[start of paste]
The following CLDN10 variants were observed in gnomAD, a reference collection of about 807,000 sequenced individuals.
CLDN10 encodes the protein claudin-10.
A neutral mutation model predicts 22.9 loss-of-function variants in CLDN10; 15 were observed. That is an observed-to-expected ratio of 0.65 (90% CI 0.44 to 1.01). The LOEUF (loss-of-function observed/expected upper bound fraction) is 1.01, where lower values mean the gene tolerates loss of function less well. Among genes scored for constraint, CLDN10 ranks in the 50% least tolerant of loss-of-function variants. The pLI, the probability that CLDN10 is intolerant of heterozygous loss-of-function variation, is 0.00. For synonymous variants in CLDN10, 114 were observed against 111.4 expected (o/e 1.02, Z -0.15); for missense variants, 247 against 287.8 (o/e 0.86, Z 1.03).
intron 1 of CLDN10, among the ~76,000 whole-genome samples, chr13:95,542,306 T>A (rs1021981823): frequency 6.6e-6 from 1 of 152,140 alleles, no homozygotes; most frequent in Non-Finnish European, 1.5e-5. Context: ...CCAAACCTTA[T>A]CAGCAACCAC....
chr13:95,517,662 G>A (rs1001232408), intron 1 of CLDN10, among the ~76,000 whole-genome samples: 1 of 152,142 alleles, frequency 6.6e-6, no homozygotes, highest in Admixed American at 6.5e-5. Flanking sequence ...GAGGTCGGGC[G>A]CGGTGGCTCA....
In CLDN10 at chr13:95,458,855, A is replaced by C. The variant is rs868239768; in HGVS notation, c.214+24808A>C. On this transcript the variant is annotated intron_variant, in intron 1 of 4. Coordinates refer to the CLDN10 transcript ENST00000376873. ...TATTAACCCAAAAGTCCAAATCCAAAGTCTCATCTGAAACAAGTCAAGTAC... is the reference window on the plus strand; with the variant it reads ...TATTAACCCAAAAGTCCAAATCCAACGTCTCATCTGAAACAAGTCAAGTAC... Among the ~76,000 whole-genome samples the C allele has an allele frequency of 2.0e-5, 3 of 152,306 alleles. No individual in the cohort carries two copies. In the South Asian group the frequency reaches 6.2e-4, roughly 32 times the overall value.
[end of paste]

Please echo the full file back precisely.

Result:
The following CLDN10 variants were observed in gnomAD, a reference collection of about 807,000 sequenced individuals.
CLDN10 encodes the protein claudin-10.
A neutral mutation model predicts 22.9 loss-of-function variants in CLDN10; 15 were observed. That is an observed-to-expected ratio of 0.65 (90% CI 0.44 to 1.01). The LOEUF (loss-of-function observed/expected upper bound fraction) is 1.01, where lower values mean the gene tolerates loss of function less well. Among genes scored for constraint, CLDN10 ranks in the 50% least tolerant of loss-of-function variants. The pLI, the probability that CLDN10 is intolerant of heterozygous loss-of-function variation, is 0.00. For synonymous variants in CLDN10, 114 were observed against 111.4 expected (o/e 1.02, Z -0.15); for missense variants, 247 against 287.8 (o/e 0.86, Z 1.03).
intron 1 of CLDN10, among the ~76,000 whole-genome samples, chr13:95,542,306 T>A (rs1021981823): frequency 6.6e-6 from 1 of 152,140 alleles, no homozygotes; most frequent in Non-Finnish European, 1.5e-5. Context: ...CCAAACCTTA[T>A]CAGCAACCAC....
chr13:95,517,662 G>A (rs1001232408), intron 1 of CLDN10, among the ~76,000 whole-genome samples: 1 of 152,142 alleles, frequency 6.6e-6, no homozygotes, highest in Admixed American at 6.5e-5. Flanking sequence ...GAGGTCGGGC[G>A]CGGTGGCTCA....
In CLDN10 at chr13:95,458,855, A is replaced by C. The variant is rs868239768; in HGVS notation, c.214+24808A>C. On this transcript the variant is annotated intron_variant, in intron 1 of 4. Coordinates refer to the CLDN10 transcript ENST00000376873. ...TATTAACCCAAAAGTCCAAATCCAAAGTCTCATCTGAAACAAGTCAAGTAC... is the reference window on the plus strand; with the variant it reads ...TATTAACCCAAAAGTCCAAATCCAACGTCTCATCTGAAACAAGTCAAGTAC... Among the ~76,000 whole-genome samples the C allele has an allele frequency of 2.0e-5, 3 of 152,306 alleles. No individual in the cohort carries two copies. In the South Asian group the frequency reaches 6.2e-4, roughly 32 times the overall value.